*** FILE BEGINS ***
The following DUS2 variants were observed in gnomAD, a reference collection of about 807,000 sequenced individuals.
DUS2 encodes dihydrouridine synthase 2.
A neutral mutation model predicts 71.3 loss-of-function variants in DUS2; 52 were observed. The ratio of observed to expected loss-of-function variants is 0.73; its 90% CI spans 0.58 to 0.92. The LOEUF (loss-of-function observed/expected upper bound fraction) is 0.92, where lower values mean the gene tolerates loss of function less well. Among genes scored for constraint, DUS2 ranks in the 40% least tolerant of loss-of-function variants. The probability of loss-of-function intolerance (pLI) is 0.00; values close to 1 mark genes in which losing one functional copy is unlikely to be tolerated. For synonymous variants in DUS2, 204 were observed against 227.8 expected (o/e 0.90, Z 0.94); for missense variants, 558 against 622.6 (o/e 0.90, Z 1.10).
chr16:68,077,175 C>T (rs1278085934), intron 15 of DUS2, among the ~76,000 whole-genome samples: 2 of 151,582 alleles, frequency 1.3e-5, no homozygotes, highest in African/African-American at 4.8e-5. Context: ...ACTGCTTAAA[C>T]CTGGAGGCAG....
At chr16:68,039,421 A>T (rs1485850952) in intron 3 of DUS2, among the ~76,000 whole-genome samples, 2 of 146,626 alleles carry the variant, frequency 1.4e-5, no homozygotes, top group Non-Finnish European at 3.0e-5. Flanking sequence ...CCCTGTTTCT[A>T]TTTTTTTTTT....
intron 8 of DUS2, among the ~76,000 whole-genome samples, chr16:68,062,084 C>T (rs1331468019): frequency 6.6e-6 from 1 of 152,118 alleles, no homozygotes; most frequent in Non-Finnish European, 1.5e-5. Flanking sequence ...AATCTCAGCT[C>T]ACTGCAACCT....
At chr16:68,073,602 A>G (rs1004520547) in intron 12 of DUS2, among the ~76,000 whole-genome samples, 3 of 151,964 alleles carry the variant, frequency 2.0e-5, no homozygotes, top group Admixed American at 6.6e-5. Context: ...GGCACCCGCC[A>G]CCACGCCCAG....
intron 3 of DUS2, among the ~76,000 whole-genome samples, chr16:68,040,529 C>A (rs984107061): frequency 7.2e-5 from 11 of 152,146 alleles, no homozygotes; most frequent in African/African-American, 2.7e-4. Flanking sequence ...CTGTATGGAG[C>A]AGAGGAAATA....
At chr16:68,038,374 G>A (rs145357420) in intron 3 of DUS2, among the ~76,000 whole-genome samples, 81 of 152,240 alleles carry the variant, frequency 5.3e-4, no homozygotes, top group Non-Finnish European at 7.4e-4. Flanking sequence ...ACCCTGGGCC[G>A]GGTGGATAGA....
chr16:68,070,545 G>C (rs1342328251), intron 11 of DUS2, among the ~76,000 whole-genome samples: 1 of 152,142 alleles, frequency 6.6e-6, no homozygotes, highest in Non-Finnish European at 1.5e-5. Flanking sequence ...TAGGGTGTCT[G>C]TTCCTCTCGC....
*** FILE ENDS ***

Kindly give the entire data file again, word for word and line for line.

The following DUS2 variants were observed in gnomAD, a reference collection of about 807,000 sequenced individuals.
DUS2 encodes dihydrouridine synthase 2.
A neutral mutation model predicts 71.3 loss-of-function variants in DUS2; 52 were observed. The ratio of observed to expected loss-of-function variants is 0.73; its 90% CI spans 0.58 to 0.92. The LOEUF (loss-of-function observed/expected upper bound fraction) is 0.92, where lower values mean the gene tolerates loss of function less well. Among genes scored for constraint, DUS2 ranks in the 40% least tolerant of loss-of-function variants. The probability of loss-of-function intolerance (pLI) is 0.00; values close to 1 mark genes in which losing one functional copy is unlikely to be tolerated. For synonymous variants in DUS2, 204 were observed against 227.8 expected (o/e 0.90, Z 0.94); for missense variants, 558 against 622.6 (o/e 0.90, Z 1.10).
chr16:68,077,175 C>T (rs1278085934), intron 15 of DUS2, among the ~76,000 whole-genome samples: 2 of 151,582 alleles, frequency 1.3e-5, no homozygotes, highest in African/African-American at 4.8e-5. Context: ...ACTGCTTAAA[C>T]CTGGAGGCAG....
At chr16:68,039,421 A>T (rs1485850952) in intron 3 of DUS2, among the ~76,000 whole-genome samples, 2 of 146,626 alleles carry the variant, frequency 1.4e-5, no homozygotes, top group Non-Finnish European at 3.0e-5. Flanking sequence ...CCCTGTTTCT[A>T]TTTTTTTTTT....
intron 8 of DUS2, among the ~76,000 whole-genome samples, chr16:68,062,084 C>T (rs1331468019): frequency 6.6e-6 from 1 of 152,118 alleles, no homozygotes; most frequent in Non-Finnish European, 1.5e-5. Flanking sequence ...AATCTCAGCT[C>T]ACTGCAACCT....
At chr16:68,073,602 A>G (rs1004520547) in intron 12 of DUS2, among the ~76,000 whole-genome samples, 3 of 151,964 alleles carry the variant, frequency 2.0e-5, no homozygotes, top group Admixed American at 6.6e-5. Context: ...GGCACCCGCC[A>G]CCACGCCCAG....
intron 3 of DUS2, among the ~76,000 whole-genome samples, chr16:68,040,529 C>A (rs984107061): frequency 7.2e-5 from 11 of 152,146 alleles, no homozygotes; most frequent in African/African-American, 2.7e-4. Flanking sequence ...CTGTATGGAG[C>A]AGAGGAAATA....
At chr16:68,038,374 G>A (rs145357420) in intron 3 of DUS2, among the ~76,000 whole-genome samples, 81 of 152,240 alleles carry the variant, frequency 5.3e-4, no homozygotes, top group Non-Finnish European at 7.4e-4. Flanking sequence ...ACCCTGGGCC[G>A]GGTGGATAGA....
chr16:68,070,545 G>C (rs1342328251), intron 11 of DUS2, among the ~76,000 whole-genome samples: 1 of 152,142 alleles, frequency 6.6e-6, no homozygotes, highest in Non-Finnish European at 1.5e-5. Flanking sequence ...TAGGGTGTCT[G>C]TTCCTCTCGC....